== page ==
Antique Trader Inbox: Most reliable subset of collecting?

Editor:

I used to have a small shop in a mall before I retired completely. While I specialized in American Art Pottery and in particular Roseville, I found that furniture was what paid my rent.

I had a steady customer base for the pottery but month in and month out the furniture paid the rent. I would buy at auctions and sell in the shop. So, from my viewpoint, furniture would be the most reliable.

Thomas Munroe


Editor:

This is an interesting question, because it’s rare that I get to put away subjectivity and apply objectivity to this business.

That said, after years of collecting fine art and art pottery, and attending shows, shops and auctions across the Northeast, there seems to be no area of collecting that is as consistent as Americana.

It doesn’t matter what kind of Americana you collect, I have never seen the prices decline for sculpture, paintings or the various other forms associated with Americana.

The downside to this is that it is very difficult to get your hands on the very best examples without having to pay through the nose for it.

I was lucky enough to be among those who got a few good paintings, and a couple quilts, out of Brimfield in the late 1970s and early 1980s. I would never sell these pieces, but have had them appraised a few different times over the years at consistently higher prices.

They will be a great inheritance for my kids when I’m gone, because, as they say, you can’t take it with you!

Barb Schneider
Boston, Mass.


Editor:

While it may not be popular, and seems to get a lot of bad press – Antique Trader included! – I have seen an awful lot of brown furniture come onto the floor of my shop over the years, and it never ceases to sell well.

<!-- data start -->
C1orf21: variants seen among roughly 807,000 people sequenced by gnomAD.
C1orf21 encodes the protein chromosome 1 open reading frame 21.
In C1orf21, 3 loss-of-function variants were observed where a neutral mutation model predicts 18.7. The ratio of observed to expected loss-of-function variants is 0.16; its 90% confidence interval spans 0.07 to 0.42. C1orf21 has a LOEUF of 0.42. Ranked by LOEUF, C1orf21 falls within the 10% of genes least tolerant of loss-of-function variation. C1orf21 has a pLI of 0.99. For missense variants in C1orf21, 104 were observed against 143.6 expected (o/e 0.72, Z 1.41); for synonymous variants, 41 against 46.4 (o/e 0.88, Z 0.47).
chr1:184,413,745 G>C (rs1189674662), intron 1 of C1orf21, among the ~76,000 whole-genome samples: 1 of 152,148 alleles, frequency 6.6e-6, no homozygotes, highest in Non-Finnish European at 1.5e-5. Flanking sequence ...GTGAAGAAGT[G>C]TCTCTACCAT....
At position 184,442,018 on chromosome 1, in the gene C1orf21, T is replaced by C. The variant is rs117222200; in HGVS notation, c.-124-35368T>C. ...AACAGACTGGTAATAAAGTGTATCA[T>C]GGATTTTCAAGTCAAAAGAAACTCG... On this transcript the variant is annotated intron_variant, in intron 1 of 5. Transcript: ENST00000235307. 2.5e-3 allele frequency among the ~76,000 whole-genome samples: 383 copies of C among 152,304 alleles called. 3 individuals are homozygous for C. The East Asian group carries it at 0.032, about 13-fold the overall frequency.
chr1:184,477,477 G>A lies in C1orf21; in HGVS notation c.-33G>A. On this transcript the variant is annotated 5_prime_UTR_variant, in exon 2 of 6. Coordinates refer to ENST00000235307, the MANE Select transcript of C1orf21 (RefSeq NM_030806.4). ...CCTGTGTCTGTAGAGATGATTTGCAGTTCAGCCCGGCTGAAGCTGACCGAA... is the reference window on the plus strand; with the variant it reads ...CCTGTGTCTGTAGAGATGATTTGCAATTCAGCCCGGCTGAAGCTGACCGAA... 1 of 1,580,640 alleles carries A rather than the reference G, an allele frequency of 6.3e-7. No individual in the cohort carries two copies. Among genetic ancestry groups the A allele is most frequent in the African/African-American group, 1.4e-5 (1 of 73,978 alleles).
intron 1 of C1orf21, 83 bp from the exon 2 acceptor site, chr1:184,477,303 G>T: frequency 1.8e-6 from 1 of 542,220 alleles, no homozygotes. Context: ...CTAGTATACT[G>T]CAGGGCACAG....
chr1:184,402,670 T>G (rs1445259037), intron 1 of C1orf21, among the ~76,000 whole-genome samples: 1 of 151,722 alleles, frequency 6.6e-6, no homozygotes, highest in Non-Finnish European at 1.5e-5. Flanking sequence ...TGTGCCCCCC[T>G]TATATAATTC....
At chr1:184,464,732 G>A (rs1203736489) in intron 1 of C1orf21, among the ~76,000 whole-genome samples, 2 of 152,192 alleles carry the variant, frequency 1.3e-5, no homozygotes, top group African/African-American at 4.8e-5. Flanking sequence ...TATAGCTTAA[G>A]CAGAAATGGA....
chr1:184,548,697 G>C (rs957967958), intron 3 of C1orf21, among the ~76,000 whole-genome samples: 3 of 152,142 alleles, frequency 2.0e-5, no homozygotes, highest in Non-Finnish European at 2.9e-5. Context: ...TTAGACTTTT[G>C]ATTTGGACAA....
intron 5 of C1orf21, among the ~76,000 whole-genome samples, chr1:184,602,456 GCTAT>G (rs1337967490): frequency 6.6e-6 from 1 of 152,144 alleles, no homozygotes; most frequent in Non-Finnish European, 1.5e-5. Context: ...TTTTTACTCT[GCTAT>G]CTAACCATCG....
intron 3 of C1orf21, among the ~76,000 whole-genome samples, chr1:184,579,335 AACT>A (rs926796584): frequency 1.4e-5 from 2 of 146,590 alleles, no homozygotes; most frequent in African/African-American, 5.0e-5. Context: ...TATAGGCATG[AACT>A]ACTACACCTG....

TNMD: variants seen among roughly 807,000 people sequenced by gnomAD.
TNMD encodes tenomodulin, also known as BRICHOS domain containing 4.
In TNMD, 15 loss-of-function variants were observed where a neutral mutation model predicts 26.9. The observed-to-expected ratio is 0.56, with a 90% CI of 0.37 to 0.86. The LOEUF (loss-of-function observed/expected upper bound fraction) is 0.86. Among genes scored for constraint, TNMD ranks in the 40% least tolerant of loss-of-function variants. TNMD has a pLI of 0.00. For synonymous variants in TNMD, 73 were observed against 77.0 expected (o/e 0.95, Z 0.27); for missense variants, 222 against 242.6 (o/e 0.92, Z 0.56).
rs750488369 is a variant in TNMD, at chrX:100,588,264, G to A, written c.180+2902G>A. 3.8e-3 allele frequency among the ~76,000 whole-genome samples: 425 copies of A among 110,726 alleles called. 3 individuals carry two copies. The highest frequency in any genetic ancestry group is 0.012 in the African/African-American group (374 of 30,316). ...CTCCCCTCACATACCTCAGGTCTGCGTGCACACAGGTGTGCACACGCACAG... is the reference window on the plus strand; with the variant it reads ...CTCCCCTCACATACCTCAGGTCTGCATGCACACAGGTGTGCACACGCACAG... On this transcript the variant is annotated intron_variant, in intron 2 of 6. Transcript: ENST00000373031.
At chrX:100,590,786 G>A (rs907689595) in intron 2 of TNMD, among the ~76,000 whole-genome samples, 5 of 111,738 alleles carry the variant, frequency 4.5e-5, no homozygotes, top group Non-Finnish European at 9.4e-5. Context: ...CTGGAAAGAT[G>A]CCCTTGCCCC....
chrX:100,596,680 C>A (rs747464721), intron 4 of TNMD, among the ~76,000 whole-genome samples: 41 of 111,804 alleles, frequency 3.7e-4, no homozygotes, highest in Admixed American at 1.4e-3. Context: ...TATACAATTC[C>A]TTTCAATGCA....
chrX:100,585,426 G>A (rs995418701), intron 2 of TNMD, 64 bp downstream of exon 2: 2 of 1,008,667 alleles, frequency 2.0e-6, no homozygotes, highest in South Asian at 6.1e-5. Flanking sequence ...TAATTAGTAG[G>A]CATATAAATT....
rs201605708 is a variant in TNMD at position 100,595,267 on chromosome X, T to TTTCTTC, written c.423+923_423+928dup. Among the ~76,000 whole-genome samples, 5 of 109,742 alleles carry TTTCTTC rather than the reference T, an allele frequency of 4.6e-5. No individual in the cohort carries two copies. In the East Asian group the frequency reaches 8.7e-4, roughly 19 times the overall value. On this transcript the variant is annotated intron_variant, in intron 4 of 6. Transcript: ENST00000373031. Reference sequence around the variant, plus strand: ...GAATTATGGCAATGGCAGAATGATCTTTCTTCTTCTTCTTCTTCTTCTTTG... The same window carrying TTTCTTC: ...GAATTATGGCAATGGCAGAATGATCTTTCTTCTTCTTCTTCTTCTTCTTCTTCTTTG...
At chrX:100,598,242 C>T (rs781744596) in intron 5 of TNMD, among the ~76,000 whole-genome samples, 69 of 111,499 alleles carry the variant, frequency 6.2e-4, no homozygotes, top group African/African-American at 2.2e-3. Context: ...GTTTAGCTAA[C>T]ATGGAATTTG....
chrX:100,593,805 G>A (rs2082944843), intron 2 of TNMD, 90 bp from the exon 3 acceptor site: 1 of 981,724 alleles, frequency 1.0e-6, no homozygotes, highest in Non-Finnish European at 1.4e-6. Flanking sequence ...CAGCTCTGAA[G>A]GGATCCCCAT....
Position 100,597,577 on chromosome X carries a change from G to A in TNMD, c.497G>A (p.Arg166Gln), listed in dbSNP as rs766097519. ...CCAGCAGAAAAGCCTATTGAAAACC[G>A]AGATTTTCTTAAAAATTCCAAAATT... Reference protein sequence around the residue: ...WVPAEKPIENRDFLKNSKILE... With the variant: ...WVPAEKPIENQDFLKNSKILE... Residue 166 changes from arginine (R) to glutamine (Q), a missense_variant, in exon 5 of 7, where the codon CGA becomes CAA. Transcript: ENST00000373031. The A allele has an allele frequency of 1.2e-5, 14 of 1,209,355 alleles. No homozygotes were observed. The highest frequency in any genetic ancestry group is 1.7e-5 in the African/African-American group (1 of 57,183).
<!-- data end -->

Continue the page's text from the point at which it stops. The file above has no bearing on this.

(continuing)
People buy it for convenience and practicality, and it looks good with just about anything! I’ve even had people who buy lower end pieces to use the wood for other things, though I would not ever recommend this. What buyers do with the pieces once they are bought, however, is not necessarily my business.

Leon Rashifeh
Billings, Mont.


Editor:

Without a doubt, the only area that has seen significant and steady increase over the years – by all age and range of collectors – is Modern furniture.

I know this may be an unpopular thing to say to dealers today, many of whom don’t consider Modernism relevant as an antique form, but just look at the prices at auction. Wow, is what I have to say. Put your money there and you will never go wrong.

Shelley Corbrune


Editor:

Regarding your question about whether or not the antiques business should be federally regulated, I know I’m a few weeks late in getting this response to you, but I just had to sound off.

I was dismayed at the numbers of readers who told you that they thought it was a bad idea and that you are crazy for suggesting it. You are not crazy! At least not to my knowledge, ha-ha.

Really, though, I think it would be a good idea to have some kind of federal regulation to stop all these scammers ripping people off by selling new furniture as if it were old. In fact, I just read about a furniture maker in England that was making things for expensive dealers who were then selling the furniture to trusting clients as if they were really antiques. The dealer denies this, but if it’s true, then that’s a real shame.

In America, it would be a good idea, above, say, $50,000, to have the government do some background checking and detailing. Otherwise, thieves and crooks can get away with whatever they want and then disappear into the night.

Don’t let anyone tell you you’re crazy for suggesting this. I think it’s a good idea.

Tammy Goodwent

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